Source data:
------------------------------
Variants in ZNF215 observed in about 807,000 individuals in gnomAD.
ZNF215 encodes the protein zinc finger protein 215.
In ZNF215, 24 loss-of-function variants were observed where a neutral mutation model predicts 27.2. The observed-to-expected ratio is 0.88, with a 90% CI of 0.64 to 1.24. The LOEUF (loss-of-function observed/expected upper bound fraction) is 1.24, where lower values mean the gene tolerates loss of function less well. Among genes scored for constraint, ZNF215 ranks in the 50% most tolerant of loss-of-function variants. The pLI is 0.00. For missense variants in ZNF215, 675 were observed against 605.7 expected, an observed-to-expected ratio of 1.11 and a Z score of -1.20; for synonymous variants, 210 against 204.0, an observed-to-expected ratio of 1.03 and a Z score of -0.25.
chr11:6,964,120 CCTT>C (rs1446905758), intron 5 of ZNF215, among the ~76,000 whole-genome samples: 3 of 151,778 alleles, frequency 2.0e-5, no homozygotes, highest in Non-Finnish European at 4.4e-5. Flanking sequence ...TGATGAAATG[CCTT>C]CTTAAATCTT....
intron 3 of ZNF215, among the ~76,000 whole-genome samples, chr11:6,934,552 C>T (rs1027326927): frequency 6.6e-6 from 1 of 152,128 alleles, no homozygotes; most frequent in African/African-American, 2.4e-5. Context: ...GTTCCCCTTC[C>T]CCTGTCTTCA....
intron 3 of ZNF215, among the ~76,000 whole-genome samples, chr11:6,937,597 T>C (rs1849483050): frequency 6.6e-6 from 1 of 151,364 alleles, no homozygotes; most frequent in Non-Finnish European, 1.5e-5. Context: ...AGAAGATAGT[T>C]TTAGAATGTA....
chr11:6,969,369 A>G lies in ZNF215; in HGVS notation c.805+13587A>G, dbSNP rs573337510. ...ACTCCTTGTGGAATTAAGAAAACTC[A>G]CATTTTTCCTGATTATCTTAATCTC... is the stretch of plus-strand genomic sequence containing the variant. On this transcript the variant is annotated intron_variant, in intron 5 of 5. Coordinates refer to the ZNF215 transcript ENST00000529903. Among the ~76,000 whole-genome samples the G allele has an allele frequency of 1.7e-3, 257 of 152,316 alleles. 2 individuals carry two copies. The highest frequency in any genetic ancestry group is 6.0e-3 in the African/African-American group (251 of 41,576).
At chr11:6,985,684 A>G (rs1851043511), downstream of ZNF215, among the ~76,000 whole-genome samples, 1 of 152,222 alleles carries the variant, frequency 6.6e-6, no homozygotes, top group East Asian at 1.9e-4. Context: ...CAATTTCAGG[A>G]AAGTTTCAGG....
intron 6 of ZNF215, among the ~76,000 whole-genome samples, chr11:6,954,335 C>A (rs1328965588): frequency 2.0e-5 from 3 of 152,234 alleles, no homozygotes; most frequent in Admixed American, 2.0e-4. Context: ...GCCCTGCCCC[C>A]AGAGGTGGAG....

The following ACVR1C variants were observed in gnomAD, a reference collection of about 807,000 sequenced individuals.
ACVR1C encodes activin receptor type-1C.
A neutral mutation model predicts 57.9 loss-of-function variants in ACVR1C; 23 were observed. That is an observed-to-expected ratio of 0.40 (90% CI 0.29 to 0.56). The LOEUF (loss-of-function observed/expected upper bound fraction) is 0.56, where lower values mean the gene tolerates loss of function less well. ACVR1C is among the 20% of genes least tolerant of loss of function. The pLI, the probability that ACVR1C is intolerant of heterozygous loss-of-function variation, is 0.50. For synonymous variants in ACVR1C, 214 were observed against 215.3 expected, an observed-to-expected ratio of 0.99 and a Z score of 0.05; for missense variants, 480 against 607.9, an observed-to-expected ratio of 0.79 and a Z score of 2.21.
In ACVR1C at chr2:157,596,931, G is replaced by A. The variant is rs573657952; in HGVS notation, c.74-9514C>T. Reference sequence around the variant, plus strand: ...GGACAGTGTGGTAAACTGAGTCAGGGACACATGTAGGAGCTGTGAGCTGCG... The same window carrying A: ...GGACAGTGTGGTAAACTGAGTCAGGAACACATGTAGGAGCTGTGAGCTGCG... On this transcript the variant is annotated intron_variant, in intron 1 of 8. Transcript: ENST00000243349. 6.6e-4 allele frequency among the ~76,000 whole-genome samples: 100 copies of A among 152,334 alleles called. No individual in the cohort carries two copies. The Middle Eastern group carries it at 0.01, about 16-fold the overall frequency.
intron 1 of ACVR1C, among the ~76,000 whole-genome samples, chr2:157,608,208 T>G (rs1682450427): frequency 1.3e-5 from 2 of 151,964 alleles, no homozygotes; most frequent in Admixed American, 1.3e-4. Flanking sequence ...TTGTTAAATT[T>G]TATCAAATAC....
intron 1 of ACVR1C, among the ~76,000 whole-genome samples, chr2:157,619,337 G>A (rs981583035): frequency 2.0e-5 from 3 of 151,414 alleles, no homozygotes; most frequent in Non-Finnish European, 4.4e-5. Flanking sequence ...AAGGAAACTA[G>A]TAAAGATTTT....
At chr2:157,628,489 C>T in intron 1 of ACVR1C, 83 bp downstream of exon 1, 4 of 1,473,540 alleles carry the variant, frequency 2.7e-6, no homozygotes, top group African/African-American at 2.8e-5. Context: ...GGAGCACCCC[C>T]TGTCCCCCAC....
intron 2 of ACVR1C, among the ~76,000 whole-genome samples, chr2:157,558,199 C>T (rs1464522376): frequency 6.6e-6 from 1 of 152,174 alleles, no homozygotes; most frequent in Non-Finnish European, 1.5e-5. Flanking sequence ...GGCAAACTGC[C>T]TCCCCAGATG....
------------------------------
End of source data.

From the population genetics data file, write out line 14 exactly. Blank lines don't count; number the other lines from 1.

intron 1 of ACVR1C, among the ~76,000 whole-genome samples, chr2:157,608,208 T>G (rs1682450427): frequency 1.3e-5 from 2 of 151,964 alleles, no homozygotes; most frequent in Admixed American, 1.3e-4. Flanking sequence ...TTGTTAAATT[T>G]TATCAAATAC....